Communicating More Effectively With Your Veterinarian

When your pet is sick, you want to give your vet the most accurate picture possible for the current illness. Sometimes the information you're passing on will be direct and easy-to-recall. Other times, you may struggle with remembering symptoms that have gradually progressed over several days.

When Bernie was diagnosed with atypical Addison's Disease, Matthew and I decided that we needed a system in place to accurately chart his daily life. We knew that he could display subtle symptoms that we might not catch right away.

If you have a pet with a chronic illness, you may find our system useful. If your normally healthy and happy pet seems down or off, then using this system short-term may also work for you.

Tracking data in a composition book

Each fall, we purchase several composition books during the back-to-school sales. We use those books to chart daily life for the McSquare pups.

Lizzie posing with the McSquare Family Daily Activity Book
A sample page from our composition book chart where we track our pup's daily lives: food & water intake, output, and activities.

We track pretty much everything. Yep, we're over-the-top.

  • Food intake, including special treats or bully sticks
  • Medications, including monthly Heartgard
  • Various outputs (poops, pees, vomit, blood)
  • Activities and outings
  • Training sessions

Data provides clarity for busy households

Matthew works overnights, so when he comes home in the morning, I'm usually already at work. He can check my charting and see what's happened. Same thing when I come home. I can see the last time the pups had a potty break.

And this system works beautifully when Bernie's atypical Addison's Disease gives him trouble. Sometimes he's lethargic because he's a pup living in Tucson, Arizona, and summers here are unbelievably hot. Other times, he's less energetic because his stress level has gone up.

By keeping track of key data, we can look back over the past few days to see if anything unusual may be contributing to his stress level. We can see how long his appetite has been diminishing. We can see the last time he did poop and know that we're not guessing.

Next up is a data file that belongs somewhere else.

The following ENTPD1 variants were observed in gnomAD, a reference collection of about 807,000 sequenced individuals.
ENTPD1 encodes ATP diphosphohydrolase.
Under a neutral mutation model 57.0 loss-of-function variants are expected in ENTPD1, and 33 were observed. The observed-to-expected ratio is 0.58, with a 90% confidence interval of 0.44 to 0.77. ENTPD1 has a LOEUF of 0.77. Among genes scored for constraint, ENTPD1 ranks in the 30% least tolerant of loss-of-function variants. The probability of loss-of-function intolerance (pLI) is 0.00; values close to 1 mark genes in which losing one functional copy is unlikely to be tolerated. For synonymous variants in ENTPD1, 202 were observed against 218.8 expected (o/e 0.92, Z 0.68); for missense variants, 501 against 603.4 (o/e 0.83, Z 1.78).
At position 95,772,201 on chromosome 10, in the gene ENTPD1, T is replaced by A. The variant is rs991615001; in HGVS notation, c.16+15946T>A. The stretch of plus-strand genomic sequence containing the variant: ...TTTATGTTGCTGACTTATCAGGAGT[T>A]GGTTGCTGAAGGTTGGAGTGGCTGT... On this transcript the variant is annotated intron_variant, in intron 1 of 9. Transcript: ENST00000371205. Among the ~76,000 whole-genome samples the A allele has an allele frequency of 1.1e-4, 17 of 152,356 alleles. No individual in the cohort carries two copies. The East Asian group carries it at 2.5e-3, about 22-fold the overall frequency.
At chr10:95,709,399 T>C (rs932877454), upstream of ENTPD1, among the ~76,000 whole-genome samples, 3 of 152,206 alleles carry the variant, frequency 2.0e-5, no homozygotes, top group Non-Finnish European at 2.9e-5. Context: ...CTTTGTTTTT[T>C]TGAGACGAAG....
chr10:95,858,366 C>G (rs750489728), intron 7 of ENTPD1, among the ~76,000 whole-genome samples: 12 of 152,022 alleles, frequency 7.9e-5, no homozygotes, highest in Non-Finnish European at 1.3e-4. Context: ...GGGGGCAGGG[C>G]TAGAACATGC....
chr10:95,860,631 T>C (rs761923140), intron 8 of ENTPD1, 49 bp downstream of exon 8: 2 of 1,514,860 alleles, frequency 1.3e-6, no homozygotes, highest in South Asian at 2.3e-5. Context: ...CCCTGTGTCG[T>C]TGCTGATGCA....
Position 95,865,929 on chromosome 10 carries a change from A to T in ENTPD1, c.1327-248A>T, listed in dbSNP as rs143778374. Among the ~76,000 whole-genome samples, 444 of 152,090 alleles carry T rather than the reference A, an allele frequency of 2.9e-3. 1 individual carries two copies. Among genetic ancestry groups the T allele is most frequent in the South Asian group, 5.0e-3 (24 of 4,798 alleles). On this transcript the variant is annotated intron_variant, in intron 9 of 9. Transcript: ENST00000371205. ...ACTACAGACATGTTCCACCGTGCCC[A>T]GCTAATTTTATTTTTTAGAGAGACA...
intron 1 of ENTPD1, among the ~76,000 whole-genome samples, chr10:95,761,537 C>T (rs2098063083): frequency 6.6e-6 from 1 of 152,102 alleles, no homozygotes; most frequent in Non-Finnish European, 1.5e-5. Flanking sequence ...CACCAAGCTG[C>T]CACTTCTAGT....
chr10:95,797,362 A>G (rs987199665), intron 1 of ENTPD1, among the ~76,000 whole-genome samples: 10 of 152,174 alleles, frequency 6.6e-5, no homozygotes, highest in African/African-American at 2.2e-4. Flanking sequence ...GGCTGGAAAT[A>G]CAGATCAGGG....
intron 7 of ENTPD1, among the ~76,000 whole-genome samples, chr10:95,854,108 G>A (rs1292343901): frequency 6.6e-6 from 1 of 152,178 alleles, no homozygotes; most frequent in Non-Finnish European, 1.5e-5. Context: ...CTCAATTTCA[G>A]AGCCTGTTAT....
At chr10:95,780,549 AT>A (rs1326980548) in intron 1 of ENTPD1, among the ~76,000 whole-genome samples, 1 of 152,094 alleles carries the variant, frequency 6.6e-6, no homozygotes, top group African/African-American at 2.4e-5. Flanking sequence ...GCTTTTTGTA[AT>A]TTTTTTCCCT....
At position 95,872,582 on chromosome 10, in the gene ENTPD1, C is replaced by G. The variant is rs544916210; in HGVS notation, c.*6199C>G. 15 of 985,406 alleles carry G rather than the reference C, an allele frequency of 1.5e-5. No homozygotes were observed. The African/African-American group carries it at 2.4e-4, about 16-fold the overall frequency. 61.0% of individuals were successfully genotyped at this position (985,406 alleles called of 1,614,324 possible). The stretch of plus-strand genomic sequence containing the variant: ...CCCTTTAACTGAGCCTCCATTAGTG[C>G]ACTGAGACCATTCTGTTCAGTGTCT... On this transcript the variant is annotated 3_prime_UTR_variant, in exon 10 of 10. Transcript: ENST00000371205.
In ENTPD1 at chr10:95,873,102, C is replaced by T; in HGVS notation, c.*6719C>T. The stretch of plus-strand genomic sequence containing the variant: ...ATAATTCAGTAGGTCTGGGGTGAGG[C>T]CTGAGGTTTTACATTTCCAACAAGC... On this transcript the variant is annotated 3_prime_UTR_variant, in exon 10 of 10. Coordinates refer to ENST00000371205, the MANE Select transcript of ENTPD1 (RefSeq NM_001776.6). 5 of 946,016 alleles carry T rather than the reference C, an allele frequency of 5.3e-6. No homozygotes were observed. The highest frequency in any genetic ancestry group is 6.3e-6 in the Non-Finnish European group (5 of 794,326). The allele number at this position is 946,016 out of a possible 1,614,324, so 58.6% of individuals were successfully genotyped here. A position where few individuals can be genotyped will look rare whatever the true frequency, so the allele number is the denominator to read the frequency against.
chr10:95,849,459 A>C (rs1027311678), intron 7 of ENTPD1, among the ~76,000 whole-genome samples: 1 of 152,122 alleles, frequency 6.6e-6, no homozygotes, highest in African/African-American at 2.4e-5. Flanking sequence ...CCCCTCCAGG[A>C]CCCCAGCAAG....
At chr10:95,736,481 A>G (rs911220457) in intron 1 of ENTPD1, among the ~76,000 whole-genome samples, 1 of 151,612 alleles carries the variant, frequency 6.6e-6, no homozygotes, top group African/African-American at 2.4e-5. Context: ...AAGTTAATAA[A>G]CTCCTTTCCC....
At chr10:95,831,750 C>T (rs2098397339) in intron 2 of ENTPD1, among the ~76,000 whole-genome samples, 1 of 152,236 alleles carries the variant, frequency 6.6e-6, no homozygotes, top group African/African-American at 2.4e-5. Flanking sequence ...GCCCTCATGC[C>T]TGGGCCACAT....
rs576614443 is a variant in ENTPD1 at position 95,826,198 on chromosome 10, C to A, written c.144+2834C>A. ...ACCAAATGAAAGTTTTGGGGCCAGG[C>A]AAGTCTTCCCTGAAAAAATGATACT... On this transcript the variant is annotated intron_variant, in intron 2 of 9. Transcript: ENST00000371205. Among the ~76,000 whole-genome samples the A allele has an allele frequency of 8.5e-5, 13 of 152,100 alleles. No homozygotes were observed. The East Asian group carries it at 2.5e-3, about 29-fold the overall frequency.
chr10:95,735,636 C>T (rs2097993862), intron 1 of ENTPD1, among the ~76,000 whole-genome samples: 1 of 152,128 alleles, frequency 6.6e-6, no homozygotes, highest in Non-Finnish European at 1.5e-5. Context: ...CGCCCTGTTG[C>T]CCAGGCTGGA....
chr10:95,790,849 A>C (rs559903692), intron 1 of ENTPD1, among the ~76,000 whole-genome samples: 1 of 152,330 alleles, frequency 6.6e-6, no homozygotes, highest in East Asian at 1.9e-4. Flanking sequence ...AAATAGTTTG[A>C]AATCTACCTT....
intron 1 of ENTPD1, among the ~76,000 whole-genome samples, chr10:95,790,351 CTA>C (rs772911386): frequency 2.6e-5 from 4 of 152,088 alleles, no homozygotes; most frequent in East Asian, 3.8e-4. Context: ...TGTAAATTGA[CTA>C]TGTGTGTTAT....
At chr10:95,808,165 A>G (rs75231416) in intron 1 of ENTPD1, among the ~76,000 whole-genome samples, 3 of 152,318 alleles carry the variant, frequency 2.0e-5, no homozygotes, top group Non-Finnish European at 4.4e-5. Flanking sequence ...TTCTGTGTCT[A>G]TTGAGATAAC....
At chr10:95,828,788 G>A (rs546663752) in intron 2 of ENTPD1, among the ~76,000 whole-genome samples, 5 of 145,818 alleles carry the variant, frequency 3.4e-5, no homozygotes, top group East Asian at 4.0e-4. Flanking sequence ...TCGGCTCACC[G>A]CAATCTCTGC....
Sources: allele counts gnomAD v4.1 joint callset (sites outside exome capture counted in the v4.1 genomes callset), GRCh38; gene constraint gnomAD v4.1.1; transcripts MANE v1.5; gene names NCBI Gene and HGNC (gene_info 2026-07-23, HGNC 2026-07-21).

Oftentimes, I'll highlight key events or use post-it flags to mark pages that we need to discuss with our vet. When we started thinking that Lizzie was almost house trained, I highlighted the instances of her accidents. We could tell that her accidents had much more to do with us not getting her outside quickly enough than her not understanding that she needed to do her business outside.

Data informs your vet visit

If your pet is ill, then whether you're going to your regular vet or the emergency vet, you're going to be asked what brings you in that day.

Your answer will be a concise description of the history of the present illness because you'll know the start date/time and know how the symptoms evolved.

I always take the composition book with us on any vet visit because it allows me to give as much or as little information as the doctor requires. If I'm asked a specific question about when was the last time Bernie ate, I know. If the vet is concerned about dehydration, I can report how often he's peed. I know when he received his last medication dose.

Our most recent emergency vet visit

Last week, I took the pups to a new dog park. Lizzie had never been to a dog park before and Bernie hasn't been in several months. Thursday morning Bernie threw up a little and we could tell that his GI tract was irritated because there were a few specks of blood in the vomit.